Connecting Curious Dots

On the intersection of technology, culture, and everyday life: My semi-updated space to collect and link my thoughts about interesting things I spot.

Flash in China

Beyond bringing Chicken Little to the top of the box office, animation lovers
might also want to check out a few lessor known (at least in the
U.S.) titles and creators.   Japanese anime legands such as Hayao Miyazak and his works including Spirited Away have an established following.  With government support, chinese animation is hoping to build a similar reputation on U.S. shores.

The story line is familiar: technology lowers the barriers to becoming a public creator.  Everyday people exhibit their virgin (or Photoshopped) works on Flickr.  Cheap camcorders and editing software bring the likes of the $218.32 budget movie Tarnation into theatres.  In China, artists (as well as random Joes) have stretched Flash to produce animation films in unconventional, varied ways.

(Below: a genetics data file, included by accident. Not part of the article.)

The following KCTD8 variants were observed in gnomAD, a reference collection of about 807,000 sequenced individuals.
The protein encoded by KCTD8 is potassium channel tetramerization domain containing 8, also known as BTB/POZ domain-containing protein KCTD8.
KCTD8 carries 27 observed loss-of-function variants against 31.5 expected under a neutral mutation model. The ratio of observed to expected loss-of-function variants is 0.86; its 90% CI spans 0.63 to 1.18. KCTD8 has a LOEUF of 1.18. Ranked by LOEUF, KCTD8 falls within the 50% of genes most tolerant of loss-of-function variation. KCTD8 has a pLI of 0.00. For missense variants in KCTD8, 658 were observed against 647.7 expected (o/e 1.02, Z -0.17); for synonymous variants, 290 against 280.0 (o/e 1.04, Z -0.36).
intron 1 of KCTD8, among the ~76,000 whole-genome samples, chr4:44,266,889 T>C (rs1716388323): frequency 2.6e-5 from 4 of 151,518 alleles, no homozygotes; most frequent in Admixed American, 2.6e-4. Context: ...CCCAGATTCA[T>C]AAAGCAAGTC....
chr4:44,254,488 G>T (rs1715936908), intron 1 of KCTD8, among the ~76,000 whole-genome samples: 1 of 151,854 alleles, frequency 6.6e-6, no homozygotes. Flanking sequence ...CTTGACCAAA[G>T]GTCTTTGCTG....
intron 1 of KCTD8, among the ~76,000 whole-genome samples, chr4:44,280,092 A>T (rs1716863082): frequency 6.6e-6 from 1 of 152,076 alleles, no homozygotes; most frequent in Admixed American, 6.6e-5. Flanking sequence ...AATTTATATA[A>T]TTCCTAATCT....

Maomaos_summer_1 A prolific young woman, Bu Hua, creates sweetly striking work such as Cat (it may take a minute to load, but the 5 minute short is worth the time.)

Shot_xiaoxiao2On the other end of style, Xiao Xiao, an
ex-engineer, adapts video game and action movie asthetics with his
widely downloaded  Stick Figures
.

Laujiang_4These new comers have not replaced popular animators such as  Lao Jiang.  His joking "The Rock’nRoad of New Long March" spiraled into a recent collaboration with famed Chinese singer Cui Jian for another animated video "Mr. Red." It would not be surprising if any third installment finds itself on the to-be-launched MTV Chi .

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This entry was posted on November 29, 2005 by in Culture and New Media.
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